Log all stdout and stderr output of every invocation of snf-manage, on unique filenames under a given directory.
All Synnefo’s management commands are written as custom django-admin commands. This means that every management command is in fact a class that extends Django’s BaseCommand class.
Django’s BaseCommand provides the attributes self.stdout and self.stderr and Django’s documentation encourages the users to use these attributes if they wish to write to the console. Django doesn’t provide an option to write the output to files and the user has to implement this explicitly when implementing the handle method.
We would like to extend the above mechanism to allow every snf-manage command to log all stdout and stderr output on a unique filename under a given directory. The implementation should change nothing in the way that users write management commands (only acceptable change is that the new commands may have to inherit a new class and not the BaseCommand one). This means that existing management commands should play out of the box and also that the logging mechanism will globally apply to all of them.
A new Synnefo setting named LOGGER_EXCLUDE_COMMANDS has been added that specifies which commands will not be logged. By default, commands that do not alter the state of the server (i.e. *-list and *-show commands) will be excluded from the logging mechanism. One can disable this logging mechanism all together by setting the above variable to ”.*”.
In this section we will try to explain the way that the new logging mechanism will be implemented as well as the reasons behind these decisions.
As we previously saw, we want the logging mechanism to be global and to work for all the snf-manage commands without extra effort. This means that the management commands will continue to use the self.stdout and self.stderr attributes from BaseCommand class to provide console output. Therefor we have to provide our own self.stdout and self.stderr objects that will preserve the previous functionality and log to files at the same time. There are two ways to achieve that:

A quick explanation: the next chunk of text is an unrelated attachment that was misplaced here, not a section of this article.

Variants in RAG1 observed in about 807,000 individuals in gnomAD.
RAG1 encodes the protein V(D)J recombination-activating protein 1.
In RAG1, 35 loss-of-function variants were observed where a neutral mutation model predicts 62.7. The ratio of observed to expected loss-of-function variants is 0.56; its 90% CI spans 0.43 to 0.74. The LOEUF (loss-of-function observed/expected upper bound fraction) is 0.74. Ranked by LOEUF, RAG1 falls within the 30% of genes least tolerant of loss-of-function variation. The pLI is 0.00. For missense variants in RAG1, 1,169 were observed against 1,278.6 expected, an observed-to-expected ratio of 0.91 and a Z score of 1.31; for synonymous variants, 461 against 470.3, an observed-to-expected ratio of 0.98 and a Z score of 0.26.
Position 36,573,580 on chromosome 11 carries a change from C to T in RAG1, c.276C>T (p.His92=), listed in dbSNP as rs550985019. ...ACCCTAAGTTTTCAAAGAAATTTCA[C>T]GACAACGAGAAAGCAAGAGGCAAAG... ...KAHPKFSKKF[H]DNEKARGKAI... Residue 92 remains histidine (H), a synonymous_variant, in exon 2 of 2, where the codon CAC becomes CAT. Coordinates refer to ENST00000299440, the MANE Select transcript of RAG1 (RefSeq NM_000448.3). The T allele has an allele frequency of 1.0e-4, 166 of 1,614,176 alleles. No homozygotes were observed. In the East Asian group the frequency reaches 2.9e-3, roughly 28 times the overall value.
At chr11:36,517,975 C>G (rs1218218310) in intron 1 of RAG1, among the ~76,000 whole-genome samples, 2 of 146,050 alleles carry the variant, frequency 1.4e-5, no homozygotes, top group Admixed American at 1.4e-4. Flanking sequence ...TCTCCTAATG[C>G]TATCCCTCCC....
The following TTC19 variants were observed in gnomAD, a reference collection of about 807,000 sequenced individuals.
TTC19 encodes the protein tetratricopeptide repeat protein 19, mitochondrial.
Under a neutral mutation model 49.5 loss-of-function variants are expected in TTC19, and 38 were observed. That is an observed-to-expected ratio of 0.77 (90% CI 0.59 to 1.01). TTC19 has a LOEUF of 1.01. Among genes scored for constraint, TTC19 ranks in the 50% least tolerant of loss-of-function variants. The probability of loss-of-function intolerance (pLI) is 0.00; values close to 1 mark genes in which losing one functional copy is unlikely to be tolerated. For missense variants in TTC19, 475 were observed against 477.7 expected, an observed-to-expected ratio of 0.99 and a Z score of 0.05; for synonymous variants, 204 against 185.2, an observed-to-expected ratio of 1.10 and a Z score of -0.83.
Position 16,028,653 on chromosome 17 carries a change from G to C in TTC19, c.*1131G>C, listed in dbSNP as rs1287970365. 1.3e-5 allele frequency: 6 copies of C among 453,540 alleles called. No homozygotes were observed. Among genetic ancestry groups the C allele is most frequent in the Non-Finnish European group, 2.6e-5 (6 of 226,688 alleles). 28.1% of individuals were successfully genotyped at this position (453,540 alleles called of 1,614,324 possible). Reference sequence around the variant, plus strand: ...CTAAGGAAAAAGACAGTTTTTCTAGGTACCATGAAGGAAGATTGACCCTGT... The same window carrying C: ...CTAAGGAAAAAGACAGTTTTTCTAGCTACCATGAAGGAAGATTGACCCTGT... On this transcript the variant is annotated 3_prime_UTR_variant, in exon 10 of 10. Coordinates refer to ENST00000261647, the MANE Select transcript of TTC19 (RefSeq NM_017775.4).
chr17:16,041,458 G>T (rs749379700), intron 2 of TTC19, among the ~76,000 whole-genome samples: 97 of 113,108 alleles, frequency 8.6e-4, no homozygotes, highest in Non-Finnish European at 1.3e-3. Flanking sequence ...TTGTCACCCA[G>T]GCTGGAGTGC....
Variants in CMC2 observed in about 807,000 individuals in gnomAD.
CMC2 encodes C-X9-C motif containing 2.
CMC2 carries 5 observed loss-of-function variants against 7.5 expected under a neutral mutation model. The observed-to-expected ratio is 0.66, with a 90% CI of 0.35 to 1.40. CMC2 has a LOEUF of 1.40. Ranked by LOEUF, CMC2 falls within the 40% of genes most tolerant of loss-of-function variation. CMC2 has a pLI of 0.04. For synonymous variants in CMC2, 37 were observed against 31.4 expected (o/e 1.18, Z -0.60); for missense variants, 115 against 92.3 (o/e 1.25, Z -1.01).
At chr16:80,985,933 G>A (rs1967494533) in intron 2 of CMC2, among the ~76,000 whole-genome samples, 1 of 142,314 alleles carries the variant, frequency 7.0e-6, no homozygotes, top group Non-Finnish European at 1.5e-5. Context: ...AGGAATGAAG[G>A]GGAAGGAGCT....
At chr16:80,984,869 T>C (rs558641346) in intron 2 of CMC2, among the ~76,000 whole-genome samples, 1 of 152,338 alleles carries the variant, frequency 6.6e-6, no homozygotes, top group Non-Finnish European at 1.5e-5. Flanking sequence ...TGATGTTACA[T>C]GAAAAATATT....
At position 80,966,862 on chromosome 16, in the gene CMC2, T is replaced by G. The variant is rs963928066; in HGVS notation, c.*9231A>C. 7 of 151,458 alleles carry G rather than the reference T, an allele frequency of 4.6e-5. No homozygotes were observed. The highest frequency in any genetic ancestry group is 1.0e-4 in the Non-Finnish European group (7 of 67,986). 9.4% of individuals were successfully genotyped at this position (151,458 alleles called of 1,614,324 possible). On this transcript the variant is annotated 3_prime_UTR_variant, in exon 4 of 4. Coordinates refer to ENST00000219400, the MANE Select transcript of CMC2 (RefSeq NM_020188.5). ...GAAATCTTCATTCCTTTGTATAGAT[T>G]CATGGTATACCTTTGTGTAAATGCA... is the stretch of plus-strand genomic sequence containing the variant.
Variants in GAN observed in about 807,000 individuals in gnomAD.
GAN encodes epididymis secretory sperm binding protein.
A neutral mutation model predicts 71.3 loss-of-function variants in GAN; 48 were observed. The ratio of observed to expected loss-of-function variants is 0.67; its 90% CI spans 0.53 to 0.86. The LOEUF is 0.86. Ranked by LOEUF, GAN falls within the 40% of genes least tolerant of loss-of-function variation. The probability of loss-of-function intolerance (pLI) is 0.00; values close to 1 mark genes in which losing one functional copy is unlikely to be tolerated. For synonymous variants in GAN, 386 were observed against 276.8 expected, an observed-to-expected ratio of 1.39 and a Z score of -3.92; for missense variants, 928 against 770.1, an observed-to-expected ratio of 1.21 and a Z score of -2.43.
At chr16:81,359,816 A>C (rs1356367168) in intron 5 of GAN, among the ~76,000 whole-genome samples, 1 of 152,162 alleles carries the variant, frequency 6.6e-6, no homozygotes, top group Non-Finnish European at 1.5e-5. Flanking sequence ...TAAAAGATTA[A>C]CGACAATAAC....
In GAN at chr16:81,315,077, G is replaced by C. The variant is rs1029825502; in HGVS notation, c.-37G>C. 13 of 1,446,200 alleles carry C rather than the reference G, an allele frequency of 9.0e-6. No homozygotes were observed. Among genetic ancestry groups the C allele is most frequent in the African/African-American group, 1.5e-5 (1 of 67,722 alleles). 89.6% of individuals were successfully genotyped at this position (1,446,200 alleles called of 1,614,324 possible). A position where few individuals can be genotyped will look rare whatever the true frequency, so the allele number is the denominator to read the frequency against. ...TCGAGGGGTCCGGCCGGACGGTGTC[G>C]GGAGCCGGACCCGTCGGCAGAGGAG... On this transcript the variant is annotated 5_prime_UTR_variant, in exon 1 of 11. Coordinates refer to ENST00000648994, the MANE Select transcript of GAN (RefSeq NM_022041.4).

Patch the Django’s BaseCommand class and replace self.stdout and self.stderr attributes.
This solution requires the minimum amount of changes to the management commands’ code as they will use our patched version of BaseCommand. The downside is that we have to patch a library provided class. We are not encouraging these type of patches because it obfuscates the code (the programmer is expecting to use Django’s BaseCommand class, not ours) and does not preserve compatibility with other Django versions (if the implementation of Django’s BaseCommand changes our patch will not work).
Create a new class that extends Django’s BaseCommand.
The downside of this solution is that we have to change the existing code so all management commands will inherit our new class and not Django’s BaseCommand. But we find this solution to be cleaner.
For the above reasons we decided to go with the second option.
Django’s self.stdout and self.stderr are implemented as OutputWrapper objects. We will create our own class (SynnefoOutputWrapper) which will use python’s logging library to handle the file part of the logging and the original OutputWrapper object to handle the console part (since we want to preserve the functionality of Django’s OutputWrapper and the style functions it uses to pretty print the messages).
Our new class has to be a descriptor. This is because BaseCommand doesn’t initialize the stdout and stderr attributes at __init__ but sets them only when it needs to (meaning inside the execute method).
The above classes will be written in snf-django-lib package meaning that all the other packages will have a dependency in snf-django-lib.
We will combine timestamp, command name and PID to form unique names, e.g.: 20140120113432-server-modify-4564, where “4564” was the PID. The timestamp will be first so that files will be chronologically sorted.
The implementation will follow the following steps: